Cyanosis in dogs is the blue to purple discoloration of mucous membranes (particularly gums) and/or skin caused by poor oxygenation of the tissues.
• Cyanosis is a medical emergency as it is linked to potentially life-threatening heart and respiratory system conditions
• Cyanosis can be central, meaning the lack of oxygen originates in the heart or lungs, or peripheral when something is blocking the regular flow of blood to the body
• Diagnostics involve a physical examination, blood tests, and pulse oximetry to measure blood oxygen levels
• Treatment depends on the underlying cause
• Immediate stabilization of oxygen levels is critical, followed by focusing on the underlying problem
• Some conditions are treated with medications, such as antibiotics, while others, particularly those affecting the heart, require surgery
Cyanosis is always an emergency. Stabilization of the patient is the priority, and veterinary care is required.
Brachycephalic (push-face) breeds are particularly predisposed to respiratory conditions and cyanosis.
Many conditions can lead to cyanosis. Cyanosis can be categorized into two main subtypes: central and peripheral. Central is caused by conditions that directly affect the heart or lungs, whereas peripheral is an indicator of a problem with blood flow to tissues. The following associated conditions fall into one of these two broad categories:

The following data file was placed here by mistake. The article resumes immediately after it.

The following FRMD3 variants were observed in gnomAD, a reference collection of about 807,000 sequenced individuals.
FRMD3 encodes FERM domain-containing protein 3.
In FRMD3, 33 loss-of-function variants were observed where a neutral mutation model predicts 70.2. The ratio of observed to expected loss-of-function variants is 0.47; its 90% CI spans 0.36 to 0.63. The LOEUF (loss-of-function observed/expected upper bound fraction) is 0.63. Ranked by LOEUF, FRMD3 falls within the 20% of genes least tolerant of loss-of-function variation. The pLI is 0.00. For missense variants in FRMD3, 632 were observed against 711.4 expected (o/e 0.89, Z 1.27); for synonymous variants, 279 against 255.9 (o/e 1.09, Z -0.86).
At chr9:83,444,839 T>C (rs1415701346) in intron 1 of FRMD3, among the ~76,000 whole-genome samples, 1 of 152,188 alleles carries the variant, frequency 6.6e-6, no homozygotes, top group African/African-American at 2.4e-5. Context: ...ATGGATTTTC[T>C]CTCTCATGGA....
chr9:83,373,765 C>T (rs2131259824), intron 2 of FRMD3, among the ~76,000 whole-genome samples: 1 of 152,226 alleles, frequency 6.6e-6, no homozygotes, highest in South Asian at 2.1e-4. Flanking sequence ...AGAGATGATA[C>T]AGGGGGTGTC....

• Congestive heart failure
• Blood clots
• Pulmonary disease (such as pneumonia or pneumothorax)
• Physical injuries
• Heartworm disease
• Laryngeal paralysis
• Neurologic diseases
• Esophageal obstruction
Any condition which limits the supply of oxygen may result in cyanosis if left untreated. Brachycephalic (push-face) breeds and obese dogs are at higher risk of developing cyanosis due to congenital limitations on their ease of respiration even when at rest. There is no significant variance in severity of symptoms; cyanosis is always an emergency.
After stabilization, several tests are required to determine the possible causes of cyanosis.
These tests include:
• Physical examination
• Blood workPulse oximetry to determine the level of oxygen in the blood
• Electrocardiogram (ECG)
• Cardiac ultrasound
Treatment is largely dependent on the underlying condition. For example, heart abnormalities may require surgery, whereas infections, respiratory diseases, or toxicosis can often be treated with specific medications, antibiotics and/or supplemental oxygen.
Sometimes, gums can appear pale, white or gray, which is a separate symptom with different origin.
Other symptoms that might appear with cyanosis include
• Abdominal contractions
Health concern with your pet?
Start a video chat with a licensed veterinary professional right now on Vetster!